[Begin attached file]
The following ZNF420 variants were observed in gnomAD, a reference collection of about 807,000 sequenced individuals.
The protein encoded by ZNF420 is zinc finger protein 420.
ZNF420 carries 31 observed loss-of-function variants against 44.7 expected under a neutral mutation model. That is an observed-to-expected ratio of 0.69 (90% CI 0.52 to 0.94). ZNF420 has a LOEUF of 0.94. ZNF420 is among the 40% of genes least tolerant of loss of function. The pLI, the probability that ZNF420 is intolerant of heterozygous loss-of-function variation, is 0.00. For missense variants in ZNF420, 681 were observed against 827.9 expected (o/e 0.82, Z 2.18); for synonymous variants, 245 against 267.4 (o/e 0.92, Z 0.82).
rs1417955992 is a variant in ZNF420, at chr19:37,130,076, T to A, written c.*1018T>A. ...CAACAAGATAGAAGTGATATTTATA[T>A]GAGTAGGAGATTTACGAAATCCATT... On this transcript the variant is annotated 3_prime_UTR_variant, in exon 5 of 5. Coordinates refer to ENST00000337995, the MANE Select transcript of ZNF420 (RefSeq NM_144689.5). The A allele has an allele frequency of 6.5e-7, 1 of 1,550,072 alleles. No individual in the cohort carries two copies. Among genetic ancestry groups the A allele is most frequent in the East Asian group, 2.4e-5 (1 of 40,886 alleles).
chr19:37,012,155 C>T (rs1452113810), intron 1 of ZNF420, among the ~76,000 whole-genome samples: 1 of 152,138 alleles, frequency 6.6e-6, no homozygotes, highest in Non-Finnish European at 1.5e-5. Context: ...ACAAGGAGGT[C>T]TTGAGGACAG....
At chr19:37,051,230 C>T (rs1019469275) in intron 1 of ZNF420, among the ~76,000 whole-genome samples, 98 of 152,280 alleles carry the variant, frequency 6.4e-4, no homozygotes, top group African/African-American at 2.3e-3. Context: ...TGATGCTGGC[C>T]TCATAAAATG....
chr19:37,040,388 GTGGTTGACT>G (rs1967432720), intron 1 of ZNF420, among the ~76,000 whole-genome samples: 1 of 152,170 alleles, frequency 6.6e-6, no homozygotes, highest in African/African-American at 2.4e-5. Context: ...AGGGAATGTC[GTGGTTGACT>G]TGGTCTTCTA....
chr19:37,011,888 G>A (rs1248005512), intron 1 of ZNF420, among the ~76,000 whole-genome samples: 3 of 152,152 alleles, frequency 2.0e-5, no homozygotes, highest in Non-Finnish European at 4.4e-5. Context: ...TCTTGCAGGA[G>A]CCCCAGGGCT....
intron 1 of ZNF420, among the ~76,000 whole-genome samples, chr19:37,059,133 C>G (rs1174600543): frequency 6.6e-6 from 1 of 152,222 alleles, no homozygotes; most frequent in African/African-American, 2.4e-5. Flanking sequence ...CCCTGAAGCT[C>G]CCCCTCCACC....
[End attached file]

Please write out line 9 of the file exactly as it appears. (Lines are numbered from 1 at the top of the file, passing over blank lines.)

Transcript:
intron 1 of ZNF420, among the ~76,000 whole-genome samples, chr19:37,059,133 C>G (rs1174600543): frequency 6.6e-6 from 1 of 152,222 alleles, no homozygotes; most frequent in African/African-American, 2.4e-5. Flanking sequence ...CCCTGAAGCT[C>G]CCCCTCCACC....